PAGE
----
Wednesday, December 5, 2012


I read where a popular, and controversial, host of a radio talk program said that he regretted bashing a young woman that had been in the news.  He didn't regret bashing her because it was unkind, but because he now believed that his frequent talking about her on his show only added to her fame.

I wonder, as I think about this man's regrets, if my words, the ones I use to tell my story, will bring fame to my enemy.

I hope not.

Words are powerful. The tongue that speaks those words are as strong as a rudder that turns a ship to the left and to the right. (James 3:4)  And I'm afraid that my words might turn someone's eyes in the wrong direction. Toward the wrong  person.

I worry in telling my story, with all the pain and all the loss and all the struggle, that I might turn someone toward the one that made the pit instead of the One that lifted me out of it.

I want to be honest and real, in sharing the consolation that I've been given to those that might need it, but I also don't want them to zero-in on the hurt instead of the healing.

I don't want to pretend that life is easy, that all the pain is gone, or that I have become the strong person I've always wanted to be.

I want them to see me.

The real me.

Simultaneously hurt and healed.

Living in loss and abundance.

Living with unanswered questions but full of confidence in God's goodness and provision.
Weak but strong in Jesus.

I'm not always sure how to share my story.

I'm not always sure when to share my story.

How far do I go?  How much do I share?

Will my words add to the hopeless despair that the world already breathes in and out?

Or will they be heard as a reminder that all can be truly well with our souls?

I ask myself how do I share the Light without sharing the dark?

How do I share the comfort without first sharing the pain?

How do I explain the wonder of being found without sharing the fear and horror of being lost?

I think about Joseph, and the terrible things that others did to him.

His brothers sold him into slavery, not having any thoughts of the brutality he would suffer in his captivity.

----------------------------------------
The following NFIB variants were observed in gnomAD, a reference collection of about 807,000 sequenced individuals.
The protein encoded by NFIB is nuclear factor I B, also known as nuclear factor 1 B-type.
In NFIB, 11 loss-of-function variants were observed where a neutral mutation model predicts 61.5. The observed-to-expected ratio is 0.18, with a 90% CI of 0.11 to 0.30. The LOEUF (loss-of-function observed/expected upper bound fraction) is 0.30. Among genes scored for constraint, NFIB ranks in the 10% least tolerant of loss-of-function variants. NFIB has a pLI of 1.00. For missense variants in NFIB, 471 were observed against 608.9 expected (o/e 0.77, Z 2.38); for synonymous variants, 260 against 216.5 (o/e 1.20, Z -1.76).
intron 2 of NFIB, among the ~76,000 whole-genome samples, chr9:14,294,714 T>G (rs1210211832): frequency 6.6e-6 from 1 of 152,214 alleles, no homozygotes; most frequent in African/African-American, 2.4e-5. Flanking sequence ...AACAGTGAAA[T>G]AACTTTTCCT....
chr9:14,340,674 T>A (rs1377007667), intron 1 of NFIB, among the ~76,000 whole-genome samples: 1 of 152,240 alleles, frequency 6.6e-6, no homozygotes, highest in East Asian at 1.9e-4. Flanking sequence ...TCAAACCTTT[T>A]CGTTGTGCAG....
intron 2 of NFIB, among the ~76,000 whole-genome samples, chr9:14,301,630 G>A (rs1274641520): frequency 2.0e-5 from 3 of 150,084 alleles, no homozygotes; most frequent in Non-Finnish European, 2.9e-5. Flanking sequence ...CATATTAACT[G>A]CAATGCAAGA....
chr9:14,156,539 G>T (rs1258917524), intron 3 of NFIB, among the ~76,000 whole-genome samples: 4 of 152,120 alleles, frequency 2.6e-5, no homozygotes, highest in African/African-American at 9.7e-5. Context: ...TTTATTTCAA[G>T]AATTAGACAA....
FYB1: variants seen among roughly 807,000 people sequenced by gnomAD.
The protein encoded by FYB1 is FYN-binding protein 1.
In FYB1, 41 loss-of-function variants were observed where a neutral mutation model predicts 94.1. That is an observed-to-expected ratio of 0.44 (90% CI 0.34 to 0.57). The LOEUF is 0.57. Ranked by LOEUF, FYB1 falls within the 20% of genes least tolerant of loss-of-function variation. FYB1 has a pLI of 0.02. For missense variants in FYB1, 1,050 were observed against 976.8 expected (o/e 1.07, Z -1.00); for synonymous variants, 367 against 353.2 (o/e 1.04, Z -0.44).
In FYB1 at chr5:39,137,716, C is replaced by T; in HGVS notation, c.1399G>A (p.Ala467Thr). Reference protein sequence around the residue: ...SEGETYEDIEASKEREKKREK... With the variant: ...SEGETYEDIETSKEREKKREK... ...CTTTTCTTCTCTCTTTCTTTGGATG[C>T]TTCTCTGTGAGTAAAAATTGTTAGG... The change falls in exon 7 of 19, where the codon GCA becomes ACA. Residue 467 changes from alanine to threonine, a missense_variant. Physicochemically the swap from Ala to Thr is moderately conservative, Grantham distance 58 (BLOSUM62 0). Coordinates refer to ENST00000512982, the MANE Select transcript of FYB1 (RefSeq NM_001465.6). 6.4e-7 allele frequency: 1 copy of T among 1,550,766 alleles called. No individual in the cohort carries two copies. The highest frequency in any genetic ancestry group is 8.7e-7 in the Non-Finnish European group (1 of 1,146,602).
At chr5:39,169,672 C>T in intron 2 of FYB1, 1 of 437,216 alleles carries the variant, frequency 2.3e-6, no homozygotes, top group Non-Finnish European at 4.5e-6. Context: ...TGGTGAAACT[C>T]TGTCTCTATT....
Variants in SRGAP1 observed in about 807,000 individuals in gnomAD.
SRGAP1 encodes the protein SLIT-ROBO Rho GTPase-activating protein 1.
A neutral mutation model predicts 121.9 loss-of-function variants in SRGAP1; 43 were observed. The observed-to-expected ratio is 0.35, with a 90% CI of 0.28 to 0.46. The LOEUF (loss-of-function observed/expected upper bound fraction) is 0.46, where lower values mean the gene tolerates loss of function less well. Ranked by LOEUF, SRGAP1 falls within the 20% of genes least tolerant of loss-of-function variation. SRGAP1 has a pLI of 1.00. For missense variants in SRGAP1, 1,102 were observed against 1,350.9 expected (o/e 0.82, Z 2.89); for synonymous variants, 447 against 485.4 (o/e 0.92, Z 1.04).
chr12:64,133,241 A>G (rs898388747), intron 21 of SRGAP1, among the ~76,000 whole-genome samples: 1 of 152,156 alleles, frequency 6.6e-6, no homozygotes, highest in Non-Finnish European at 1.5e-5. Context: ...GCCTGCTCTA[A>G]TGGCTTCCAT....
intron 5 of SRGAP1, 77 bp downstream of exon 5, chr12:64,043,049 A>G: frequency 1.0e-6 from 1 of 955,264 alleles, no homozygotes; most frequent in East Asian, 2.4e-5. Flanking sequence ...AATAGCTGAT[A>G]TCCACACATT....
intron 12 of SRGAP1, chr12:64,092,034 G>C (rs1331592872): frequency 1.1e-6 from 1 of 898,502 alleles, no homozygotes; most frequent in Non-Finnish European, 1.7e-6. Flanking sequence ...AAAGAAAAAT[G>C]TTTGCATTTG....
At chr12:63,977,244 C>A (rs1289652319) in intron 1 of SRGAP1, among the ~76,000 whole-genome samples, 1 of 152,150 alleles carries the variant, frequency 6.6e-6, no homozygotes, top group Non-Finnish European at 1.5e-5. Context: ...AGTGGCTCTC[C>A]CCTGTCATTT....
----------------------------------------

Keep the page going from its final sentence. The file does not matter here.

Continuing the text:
The wife of Joseph's friend accused him of violating her, and his friend believed her, and Joseph was thrown in prison.

While in prison, Joseph shared his gifts with another prisoner that led to the prisoner being freed. Joseph asked to be remembered in his release.  The  man forgot Joseph.

Joseph lived most of his life away from his father whom he loved. From the security of home. He lived in exile with those of a different culture and a different faith. Joseph lived a lonely life.

Joseph's pain, his rejection, his suffering, and his lonliness are told in his story.

But when I get to the end of Joseph's story, the heartache and disappointment are dimmed by two words.

Two words that turned all the fame and all the glory back to the One, and Only One, Who is Worthy.

Two words that turned the table on the one that seeks fame from his evil acts.

Two words that take the pen out of the hand of the one who wants to write our stories, and tries to convince us that he is the author of our lives.

Two words that give us eyes to see that the pen was never taken from the Author of our lives, and that everything He writes is ultimately for our good, and for His glory.

So, when I stumble while telling my story and I use too many words, or too few...

When my words fall out all over the place and make a big messy heap...

When I'm heavy on the hurt instead of the healing, or the pain instead of the joy, please remember Joseph's two words . . . BUT GOD.

"You intended to harm me,
 but God intended it for good
 to accomplish what is now being done . . ."
Genesis 50:20

Yes, Lord.. In every story you have given me to share, and in all the ones you are still writing for me, may I bring fame to you with the two words . . .  BUT GOD.

"Your name, O Lord, endures forever.  
Your fame, O Lord, throughout all generations."  
Psalm 135:13

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